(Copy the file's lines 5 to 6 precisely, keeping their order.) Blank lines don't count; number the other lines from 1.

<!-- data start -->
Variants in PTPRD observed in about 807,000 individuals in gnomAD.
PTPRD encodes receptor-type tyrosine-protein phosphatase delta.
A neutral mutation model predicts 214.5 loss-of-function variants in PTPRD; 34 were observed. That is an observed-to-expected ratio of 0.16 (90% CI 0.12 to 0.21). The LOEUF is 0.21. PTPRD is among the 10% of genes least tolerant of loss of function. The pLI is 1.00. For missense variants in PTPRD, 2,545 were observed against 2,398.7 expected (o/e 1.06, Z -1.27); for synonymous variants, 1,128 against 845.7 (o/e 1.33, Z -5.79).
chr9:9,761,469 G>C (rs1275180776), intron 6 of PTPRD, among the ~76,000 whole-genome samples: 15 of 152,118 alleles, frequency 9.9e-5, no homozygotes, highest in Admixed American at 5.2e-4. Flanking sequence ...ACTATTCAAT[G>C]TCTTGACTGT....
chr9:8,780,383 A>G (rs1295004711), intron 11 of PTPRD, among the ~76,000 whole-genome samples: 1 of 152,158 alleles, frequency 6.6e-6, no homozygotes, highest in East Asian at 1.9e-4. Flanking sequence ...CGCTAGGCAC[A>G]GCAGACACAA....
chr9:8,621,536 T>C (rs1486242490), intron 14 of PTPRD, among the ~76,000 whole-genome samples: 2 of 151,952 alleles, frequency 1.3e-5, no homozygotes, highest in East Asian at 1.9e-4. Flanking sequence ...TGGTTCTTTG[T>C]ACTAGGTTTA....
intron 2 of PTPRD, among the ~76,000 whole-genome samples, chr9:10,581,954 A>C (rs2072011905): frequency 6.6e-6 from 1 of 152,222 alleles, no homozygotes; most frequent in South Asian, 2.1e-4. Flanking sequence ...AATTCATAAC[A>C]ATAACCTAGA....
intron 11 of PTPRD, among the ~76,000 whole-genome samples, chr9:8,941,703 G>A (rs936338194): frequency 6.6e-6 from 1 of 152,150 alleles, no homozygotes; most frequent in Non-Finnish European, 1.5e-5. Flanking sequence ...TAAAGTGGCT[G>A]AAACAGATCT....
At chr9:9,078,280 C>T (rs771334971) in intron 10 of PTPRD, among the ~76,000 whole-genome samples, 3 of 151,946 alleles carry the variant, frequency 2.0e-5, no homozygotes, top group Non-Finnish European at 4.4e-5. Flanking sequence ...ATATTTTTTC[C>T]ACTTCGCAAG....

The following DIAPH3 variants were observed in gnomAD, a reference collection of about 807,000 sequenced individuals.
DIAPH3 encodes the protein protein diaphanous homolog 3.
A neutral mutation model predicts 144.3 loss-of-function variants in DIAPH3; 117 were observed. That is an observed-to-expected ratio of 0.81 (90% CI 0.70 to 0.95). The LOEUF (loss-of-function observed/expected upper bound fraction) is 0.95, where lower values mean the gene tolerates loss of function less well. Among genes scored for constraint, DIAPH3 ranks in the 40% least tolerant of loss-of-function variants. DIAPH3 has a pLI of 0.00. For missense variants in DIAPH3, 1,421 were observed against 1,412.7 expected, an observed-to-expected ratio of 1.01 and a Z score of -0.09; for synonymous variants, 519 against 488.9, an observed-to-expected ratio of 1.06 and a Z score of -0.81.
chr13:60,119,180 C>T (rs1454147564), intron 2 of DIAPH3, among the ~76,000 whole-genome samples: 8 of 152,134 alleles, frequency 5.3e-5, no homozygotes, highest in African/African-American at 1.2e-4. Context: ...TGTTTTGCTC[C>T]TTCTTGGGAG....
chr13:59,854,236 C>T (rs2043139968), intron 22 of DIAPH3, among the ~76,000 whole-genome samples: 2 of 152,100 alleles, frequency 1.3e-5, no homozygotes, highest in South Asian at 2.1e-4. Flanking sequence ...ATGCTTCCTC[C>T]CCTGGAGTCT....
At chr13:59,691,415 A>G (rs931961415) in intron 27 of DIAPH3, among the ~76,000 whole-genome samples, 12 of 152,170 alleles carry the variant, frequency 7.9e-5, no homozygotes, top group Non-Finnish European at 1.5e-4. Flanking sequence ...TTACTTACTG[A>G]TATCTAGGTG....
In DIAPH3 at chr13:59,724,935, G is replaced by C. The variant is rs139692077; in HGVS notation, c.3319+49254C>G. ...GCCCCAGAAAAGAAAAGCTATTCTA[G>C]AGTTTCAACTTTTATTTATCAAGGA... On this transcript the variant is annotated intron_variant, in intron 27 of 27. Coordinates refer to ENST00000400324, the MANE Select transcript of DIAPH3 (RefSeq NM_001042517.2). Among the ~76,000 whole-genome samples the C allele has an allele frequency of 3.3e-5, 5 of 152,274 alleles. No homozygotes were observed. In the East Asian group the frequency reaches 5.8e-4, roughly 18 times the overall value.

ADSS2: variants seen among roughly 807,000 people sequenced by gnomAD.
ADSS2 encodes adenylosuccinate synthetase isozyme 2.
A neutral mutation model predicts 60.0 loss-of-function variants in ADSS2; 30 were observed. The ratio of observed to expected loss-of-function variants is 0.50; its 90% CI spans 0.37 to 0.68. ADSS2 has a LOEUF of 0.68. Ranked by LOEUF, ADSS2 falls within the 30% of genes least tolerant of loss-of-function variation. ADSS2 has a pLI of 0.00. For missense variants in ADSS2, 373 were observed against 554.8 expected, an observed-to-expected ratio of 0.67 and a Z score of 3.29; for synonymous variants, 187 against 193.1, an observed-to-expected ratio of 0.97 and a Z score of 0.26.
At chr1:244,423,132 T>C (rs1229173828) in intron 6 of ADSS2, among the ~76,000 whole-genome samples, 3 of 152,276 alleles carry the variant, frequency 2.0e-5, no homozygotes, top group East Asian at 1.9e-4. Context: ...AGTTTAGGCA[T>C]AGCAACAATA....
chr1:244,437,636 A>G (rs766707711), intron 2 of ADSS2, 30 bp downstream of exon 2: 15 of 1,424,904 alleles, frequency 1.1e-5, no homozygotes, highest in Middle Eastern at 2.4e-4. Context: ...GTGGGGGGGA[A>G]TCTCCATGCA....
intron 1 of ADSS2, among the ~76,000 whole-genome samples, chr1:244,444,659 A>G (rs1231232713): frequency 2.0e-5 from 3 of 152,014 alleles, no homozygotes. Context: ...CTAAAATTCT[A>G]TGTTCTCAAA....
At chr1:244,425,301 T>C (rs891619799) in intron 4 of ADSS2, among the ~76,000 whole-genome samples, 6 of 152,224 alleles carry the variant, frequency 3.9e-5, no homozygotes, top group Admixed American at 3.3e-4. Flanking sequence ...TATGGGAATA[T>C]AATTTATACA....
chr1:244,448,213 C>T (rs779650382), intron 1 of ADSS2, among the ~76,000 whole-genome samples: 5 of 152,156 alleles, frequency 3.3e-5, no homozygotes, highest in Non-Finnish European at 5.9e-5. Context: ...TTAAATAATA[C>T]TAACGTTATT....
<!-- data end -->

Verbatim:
chr9:8,780,383 A>G (rs1295004711), intron 11 of PTPRD, among the ~76,000 whole-genome samples: 1 of 152,158 alleles, frequency 6.6e-6, no homozygotes, highest in East Asian at 1.9e-4. Flanking sequence ...CGCTAGGCAC[A>G]GCAGACACAA....
chr9:8,621,536 T>C (rs1486242490), intron 14 of PTPRD, among the ~76,000 whole-genome samples: 2 of 151,952 alleles, frequency 1.3e-5, no homozygotes, highest in East Asian at 1.9e-4. Flanking sequence ...TGGTTCTTTG[T>C]ACTAGGTTTA....